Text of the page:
This would bring architects further onto the international stage and suggest a strong focus for our profession. This focus would propel us to use our unique expertise in adaptation of time-tested design/build standards to specific social, economic, topographical and ecological conditions so we can eliminate homelessness, displacement from disasters, slum conditions, residential overcrowding, and other hindrances to the livable, affordable housing we all need.
Our new mission might be - to help those who urgently need our help.
Hello, Jan.I am Dean of Woodbury School of Architecture and was interested to read about your proposal. In fact, I and my colleagues have declared this academic year the Year of Housing at our 420+ student School. Here is a link to our School-wide Housing+ initiative, and below is the call that I sent to our community at the beginning of the year. As part of this initiative, not only are many of our design studios are focusing on housing, our San Diego campus recently hosted a campus-wide charrette, (sponsored by AIA Academy of Justice), and our Burbank campus hosted the 'Frontier Housing' symposium at Gensler featuring some remarkable designers who are addressing our local housing crisis. Housing+ will culminate in a School-wide exhibition on our campus next spring, coinciding with the AIA National Conference here in Los Angeles. As a small, non-profit, majority minority institution located in Southern California (our two campuses are in North Los Angeles and in San Diego), with over 70% of our students identifying as minority, this issue hits very close to home for all of us. Please reach out to me directly at firstname.lastname@example.org if you are interested in supporting our initiative. I would love to see our initiative continue.Sincerely,Ingalill Wahlroos-Ritter, FAIAHere is the call we sent out in August at the beginning of our academic year:
HOUSING + is a year-long program of lectures, exhibitions and studio inquiries focused on a topic that is of particular relevance to Woodbury School of Architecture. We invite all faculty to address the topic of housing in their courses in the next academic year, 2019-20.
THE HOUSING PROJECT
Eames, Schindler, Neutra, Morgan, Greene & Greene, Wright, Williams, Gehry, Lautner; dingbats, craftsman bungalows, courtyard apartments, McMansions: From avant-garde to vernacular, Southern California's best-known architecture is unquestionably domestic. Paradoxically, in a region where over 80% of our cities are zoned R1, the scale of California's housing crisis is striking. The shortage is estimated at 3-4 million housing units, with over 130,000 homeless, constituting a staggering quarter of the national total. It's time for architects and designers to rethink California's housing typologies.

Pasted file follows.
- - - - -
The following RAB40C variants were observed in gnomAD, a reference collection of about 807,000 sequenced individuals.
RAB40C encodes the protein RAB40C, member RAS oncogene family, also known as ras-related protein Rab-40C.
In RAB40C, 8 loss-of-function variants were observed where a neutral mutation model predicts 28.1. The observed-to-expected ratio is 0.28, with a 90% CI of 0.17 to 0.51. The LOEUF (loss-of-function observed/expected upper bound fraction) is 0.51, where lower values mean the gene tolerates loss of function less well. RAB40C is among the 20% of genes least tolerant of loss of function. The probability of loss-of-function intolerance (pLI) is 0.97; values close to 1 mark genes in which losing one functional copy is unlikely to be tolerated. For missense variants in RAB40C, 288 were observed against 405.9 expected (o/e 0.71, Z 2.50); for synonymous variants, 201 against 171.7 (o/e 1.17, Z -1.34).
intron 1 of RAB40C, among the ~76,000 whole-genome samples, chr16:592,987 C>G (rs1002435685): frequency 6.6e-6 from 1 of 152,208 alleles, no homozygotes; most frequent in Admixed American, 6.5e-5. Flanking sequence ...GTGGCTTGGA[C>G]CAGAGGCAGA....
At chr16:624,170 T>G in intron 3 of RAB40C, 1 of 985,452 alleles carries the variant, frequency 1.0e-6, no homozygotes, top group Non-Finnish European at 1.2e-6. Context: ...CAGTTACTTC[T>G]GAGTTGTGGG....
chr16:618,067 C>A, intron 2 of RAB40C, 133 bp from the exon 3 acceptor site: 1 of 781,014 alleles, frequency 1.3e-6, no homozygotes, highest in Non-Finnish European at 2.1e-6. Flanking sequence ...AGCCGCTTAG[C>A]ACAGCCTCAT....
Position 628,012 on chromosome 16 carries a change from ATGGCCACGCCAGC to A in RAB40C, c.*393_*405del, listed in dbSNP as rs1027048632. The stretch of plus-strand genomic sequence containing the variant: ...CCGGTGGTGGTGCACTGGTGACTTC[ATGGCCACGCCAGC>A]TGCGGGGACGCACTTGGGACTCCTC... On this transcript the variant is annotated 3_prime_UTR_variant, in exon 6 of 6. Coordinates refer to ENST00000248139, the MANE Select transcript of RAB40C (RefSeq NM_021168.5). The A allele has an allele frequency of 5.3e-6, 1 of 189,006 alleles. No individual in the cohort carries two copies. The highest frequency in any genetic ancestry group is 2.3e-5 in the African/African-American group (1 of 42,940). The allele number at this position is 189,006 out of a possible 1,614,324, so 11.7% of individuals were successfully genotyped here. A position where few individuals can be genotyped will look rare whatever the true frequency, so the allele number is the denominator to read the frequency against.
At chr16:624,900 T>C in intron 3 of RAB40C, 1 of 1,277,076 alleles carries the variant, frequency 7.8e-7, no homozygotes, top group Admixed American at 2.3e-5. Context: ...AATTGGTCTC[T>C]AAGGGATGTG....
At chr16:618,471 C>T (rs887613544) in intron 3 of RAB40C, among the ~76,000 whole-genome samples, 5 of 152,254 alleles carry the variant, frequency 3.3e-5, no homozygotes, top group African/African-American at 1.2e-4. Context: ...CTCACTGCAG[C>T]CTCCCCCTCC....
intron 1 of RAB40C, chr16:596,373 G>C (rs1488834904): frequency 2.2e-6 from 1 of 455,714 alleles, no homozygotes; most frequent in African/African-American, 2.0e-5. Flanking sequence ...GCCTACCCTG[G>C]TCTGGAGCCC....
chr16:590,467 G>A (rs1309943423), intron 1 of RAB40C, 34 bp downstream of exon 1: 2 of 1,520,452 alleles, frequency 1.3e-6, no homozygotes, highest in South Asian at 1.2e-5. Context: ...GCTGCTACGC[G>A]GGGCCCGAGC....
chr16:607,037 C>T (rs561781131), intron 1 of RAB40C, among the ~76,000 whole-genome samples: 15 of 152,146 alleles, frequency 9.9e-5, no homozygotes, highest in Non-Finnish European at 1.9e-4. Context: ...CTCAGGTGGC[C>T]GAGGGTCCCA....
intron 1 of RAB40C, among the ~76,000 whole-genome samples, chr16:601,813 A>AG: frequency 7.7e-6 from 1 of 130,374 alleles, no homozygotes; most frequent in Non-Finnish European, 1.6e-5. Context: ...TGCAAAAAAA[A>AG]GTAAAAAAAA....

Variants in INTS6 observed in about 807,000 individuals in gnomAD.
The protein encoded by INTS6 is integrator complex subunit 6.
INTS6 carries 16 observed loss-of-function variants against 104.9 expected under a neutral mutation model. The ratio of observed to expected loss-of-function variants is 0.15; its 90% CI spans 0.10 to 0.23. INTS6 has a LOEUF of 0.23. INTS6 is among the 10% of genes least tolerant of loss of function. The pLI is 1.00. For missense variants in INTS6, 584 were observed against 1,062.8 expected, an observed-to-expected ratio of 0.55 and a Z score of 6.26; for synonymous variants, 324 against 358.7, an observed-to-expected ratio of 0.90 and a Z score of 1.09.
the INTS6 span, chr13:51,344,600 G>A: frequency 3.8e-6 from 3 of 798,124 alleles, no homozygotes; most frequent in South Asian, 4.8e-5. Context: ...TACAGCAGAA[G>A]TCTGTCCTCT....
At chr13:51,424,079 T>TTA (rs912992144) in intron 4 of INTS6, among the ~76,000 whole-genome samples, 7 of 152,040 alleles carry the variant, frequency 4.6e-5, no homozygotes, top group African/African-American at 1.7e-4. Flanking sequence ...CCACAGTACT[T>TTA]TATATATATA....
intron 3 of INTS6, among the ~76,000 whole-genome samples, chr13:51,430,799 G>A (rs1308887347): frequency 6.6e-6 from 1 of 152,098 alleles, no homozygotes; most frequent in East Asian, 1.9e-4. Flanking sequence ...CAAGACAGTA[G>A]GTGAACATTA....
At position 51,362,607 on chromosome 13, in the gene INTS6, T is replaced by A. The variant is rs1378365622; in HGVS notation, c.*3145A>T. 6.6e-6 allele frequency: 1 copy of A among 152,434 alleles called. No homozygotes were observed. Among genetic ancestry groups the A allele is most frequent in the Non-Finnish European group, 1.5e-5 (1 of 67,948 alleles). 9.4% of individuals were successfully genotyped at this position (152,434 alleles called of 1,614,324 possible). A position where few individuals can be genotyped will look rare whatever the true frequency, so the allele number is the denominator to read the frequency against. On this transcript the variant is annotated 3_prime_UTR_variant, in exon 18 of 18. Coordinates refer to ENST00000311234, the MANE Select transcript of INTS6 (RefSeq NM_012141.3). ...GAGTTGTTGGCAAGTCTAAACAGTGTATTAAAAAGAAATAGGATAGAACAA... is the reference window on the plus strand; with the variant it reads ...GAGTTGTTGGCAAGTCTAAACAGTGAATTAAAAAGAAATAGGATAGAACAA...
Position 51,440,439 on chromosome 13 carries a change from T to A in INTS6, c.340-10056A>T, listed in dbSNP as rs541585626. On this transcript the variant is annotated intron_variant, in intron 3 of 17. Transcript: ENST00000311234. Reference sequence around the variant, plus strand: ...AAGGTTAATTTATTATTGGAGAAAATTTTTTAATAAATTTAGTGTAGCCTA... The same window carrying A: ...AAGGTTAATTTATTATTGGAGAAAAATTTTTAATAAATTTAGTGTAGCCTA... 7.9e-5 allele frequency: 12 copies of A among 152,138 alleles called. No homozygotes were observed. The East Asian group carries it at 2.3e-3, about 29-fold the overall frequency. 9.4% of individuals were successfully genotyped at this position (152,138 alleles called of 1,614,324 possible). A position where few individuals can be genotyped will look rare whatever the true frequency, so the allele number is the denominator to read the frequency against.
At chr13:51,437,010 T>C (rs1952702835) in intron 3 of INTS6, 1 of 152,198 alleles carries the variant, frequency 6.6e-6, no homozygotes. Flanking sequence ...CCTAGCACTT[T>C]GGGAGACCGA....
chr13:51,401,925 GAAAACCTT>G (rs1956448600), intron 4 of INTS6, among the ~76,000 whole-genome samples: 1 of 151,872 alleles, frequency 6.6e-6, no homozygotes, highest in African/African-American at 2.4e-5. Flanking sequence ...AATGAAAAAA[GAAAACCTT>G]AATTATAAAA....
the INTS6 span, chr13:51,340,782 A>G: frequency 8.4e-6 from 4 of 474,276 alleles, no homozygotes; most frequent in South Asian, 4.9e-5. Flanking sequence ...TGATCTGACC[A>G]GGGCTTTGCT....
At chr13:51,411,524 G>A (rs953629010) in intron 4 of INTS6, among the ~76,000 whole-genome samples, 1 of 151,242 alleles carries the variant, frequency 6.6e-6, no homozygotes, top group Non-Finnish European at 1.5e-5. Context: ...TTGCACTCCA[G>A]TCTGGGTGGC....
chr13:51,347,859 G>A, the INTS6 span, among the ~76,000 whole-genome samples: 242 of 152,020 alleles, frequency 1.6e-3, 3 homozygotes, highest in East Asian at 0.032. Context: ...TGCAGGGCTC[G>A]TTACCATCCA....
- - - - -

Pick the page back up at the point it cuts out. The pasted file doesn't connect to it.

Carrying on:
And yet, many in the design professions have remained notoriously absent from the discussion, claiming that architecture cannot solve the housing crisis. In her introduction to the book Housing as Intervention, Karen Kubey states that "though it was Modernism's central project, 'housing' is often considered separate from 'architecture.'" She cites Susanne Schindler in stating that housing is a 'socioeconomic product to be delivered at the least possible cost', while architecture is considered a 'cultural endeavor.' With regulatory constraints, financial and developer pressures, and community NIMBYism, the traditional role of the architect in housing design, particularly affordable housing, has eroded. As author Sam Lubell observes, "All it takes is a visit to the Inland Empire, Orange County, the outskirts of Sacramento or many parts of Silicon Valley to understand that the mass-produced housing stock in our country has become, with a few welcome exceptions, architecturally, urbanistically, and morally bankrupt."
Woodbury School of Architecture, a school that importantly incorporates architecture, interior design, and real estate development programs, believes that affordable housing is a critical architectural question and a basic human right.
THE FUTURE OF PRACTICE
We invite our faculty for the 2019-2020 academic year to define the 'plus' in their housing projects as a means of examining the future of practice. Recent calls to action that ask architects to help with the housing crisis contain within them a larger critique of the discipline and profession of architecture. It is not housing per se that we have turned our backs on (every school teaches housing studios) but rather the processes and values, embodied most vividly in housing as a project, that are currently throwing the whole discipline into question. Indeed, most buildings are now shaped by non-architectural parameters embodied in housing: policy, economics, the rule of the marketplace, bureaucracy, techniques of construction administration, and codes. That we have turned our backs on housing is simply evidence that we have turned our backs on broader pressures facing the profession.
Implicit in the call for new models of housing is a call for new models of practice. Housing + aims to develop projects that positively transform the built environment while identifying new opportunities arising from an examination of the traditional objects of our domain (buildings, cities, landscape, interior environments) from the perspective of new modes of design activity, new value systems, new procurement models, and new clients operating in ways that we might not yet recognize. How do we respond to the challenges posed by tools that are changing, stealing, or eliminating entirely the tasks that have traditionally characterized practice, by new models of project financing, and client operations demanding new expertise on the part of consultants, and by technology that offers not only a new means to an aesthetic end but entirely new aesthetic value systems?
TOPICS + PARTNERS
Please work with the dean and chairs to identify a housing project, community, and/or professional partner with whom to collaborate.